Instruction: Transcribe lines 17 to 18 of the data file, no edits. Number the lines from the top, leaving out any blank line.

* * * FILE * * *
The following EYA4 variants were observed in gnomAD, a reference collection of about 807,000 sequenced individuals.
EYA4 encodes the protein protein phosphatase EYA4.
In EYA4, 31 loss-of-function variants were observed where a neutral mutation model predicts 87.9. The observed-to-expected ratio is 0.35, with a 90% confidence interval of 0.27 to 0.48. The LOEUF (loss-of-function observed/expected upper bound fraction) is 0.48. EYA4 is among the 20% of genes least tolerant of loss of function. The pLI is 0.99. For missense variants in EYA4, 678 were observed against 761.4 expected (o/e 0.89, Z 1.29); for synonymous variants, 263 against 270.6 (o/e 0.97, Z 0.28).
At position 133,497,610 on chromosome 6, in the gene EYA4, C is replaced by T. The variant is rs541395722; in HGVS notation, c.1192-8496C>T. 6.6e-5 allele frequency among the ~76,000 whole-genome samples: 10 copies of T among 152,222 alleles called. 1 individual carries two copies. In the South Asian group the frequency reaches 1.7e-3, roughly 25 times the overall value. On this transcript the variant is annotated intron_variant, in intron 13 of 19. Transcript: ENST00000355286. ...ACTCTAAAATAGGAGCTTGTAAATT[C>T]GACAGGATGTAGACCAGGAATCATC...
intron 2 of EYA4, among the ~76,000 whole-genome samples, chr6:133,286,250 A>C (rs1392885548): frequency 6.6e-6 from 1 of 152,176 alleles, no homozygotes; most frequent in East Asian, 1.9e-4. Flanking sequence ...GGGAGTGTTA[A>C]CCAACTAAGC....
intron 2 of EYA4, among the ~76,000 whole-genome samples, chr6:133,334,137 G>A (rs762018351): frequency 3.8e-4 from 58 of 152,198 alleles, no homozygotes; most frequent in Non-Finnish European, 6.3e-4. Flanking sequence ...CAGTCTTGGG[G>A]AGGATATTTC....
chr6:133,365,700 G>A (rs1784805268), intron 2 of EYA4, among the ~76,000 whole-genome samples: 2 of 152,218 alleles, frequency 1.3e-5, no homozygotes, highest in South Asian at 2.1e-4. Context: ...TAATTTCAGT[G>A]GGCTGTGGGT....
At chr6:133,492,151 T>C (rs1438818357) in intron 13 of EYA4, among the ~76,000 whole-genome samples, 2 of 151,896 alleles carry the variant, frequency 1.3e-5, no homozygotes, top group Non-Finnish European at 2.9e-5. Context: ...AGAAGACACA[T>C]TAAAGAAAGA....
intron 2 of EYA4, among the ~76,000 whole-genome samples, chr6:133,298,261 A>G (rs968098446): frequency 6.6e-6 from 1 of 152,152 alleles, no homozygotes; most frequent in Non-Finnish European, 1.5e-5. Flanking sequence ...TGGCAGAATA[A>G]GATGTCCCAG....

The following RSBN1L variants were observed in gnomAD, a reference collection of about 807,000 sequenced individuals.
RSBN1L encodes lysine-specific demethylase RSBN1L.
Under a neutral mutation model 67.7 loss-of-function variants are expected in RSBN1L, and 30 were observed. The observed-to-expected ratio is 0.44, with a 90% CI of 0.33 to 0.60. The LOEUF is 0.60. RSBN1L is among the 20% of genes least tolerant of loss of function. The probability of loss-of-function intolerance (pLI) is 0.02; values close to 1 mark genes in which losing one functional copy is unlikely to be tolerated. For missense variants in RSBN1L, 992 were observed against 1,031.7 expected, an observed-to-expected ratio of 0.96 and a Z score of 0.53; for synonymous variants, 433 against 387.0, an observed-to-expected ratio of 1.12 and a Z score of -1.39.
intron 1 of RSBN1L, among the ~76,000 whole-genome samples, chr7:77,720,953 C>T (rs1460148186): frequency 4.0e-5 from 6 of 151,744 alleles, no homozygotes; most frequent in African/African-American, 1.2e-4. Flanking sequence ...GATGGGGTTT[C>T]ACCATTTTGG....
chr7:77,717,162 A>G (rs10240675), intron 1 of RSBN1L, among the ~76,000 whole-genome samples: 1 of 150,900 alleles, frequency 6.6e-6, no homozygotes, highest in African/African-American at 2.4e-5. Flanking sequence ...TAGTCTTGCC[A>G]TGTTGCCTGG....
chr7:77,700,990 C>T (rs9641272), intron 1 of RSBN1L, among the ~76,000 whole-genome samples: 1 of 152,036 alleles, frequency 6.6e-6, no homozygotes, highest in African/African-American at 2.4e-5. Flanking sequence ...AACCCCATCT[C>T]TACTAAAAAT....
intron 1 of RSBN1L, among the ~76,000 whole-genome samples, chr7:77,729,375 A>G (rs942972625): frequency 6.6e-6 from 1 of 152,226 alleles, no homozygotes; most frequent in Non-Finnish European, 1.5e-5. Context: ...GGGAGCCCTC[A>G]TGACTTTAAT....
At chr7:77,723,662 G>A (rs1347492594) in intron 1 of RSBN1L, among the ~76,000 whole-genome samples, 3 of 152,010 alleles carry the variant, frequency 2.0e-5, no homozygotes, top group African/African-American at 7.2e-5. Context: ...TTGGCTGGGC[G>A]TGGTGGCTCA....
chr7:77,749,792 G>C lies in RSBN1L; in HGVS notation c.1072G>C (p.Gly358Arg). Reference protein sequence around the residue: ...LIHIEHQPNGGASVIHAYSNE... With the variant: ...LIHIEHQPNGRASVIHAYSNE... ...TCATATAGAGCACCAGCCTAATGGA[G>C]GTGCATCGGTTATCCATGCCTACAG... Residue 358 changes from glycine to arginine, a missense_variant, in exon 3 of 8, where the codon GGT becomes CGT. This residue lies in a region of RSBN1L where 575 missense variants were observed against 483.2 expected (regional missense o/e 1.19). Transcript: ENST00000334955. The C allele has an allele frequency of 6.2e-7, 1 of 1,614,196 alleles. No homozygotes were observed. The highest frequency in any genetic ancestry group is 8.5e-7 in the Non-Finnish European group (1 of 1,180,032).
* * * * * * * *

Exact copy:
At chr7:77,723,662 G>A (rs1347492594) in intron 1 of RSBN1L, among the ~76,000 whole-genome samples, 3 of 152,010 alleles carry the variant, frequency 2.0e-5, no homozygotes, top group African/African-American at 7.2e-5. Context: ...TTGGCTGGGC[G>A]TGGTGGCTCA....
chr7:77,749,792 G>C lies in RSBN1L; in HGVS notation c.1072G>C (p.Gly358Arg). Reference protein sequence around the residue: ...LIHIEHQPNGGASVIHAYSNE... With the variant: ...LIHIEHQPNGRASVIHAYSNE... ...TCATATAGAGCACCAGCCTAATGGA[G>C]GTGCATCGGTTATCCATGCCTACAG... Residue 358 changes from glycine to arginine, a missense_variant, in exon 3 of 8, where the codon GGT becomes CGT. This residue lies in a region of RSBN1L where 575 missense variants were observed against 483.2 expected (regional missense o/e 1.19). Transcript: ENST00000334955. The C allele has an allele frequency of 6.2e-7, 1 of 1,614,196 alleles. No homozygotes were observed. The highest frequency in any genetic ancestry group is 8.5e-7 in the Non-Finnish European group (1 of 1,180,032).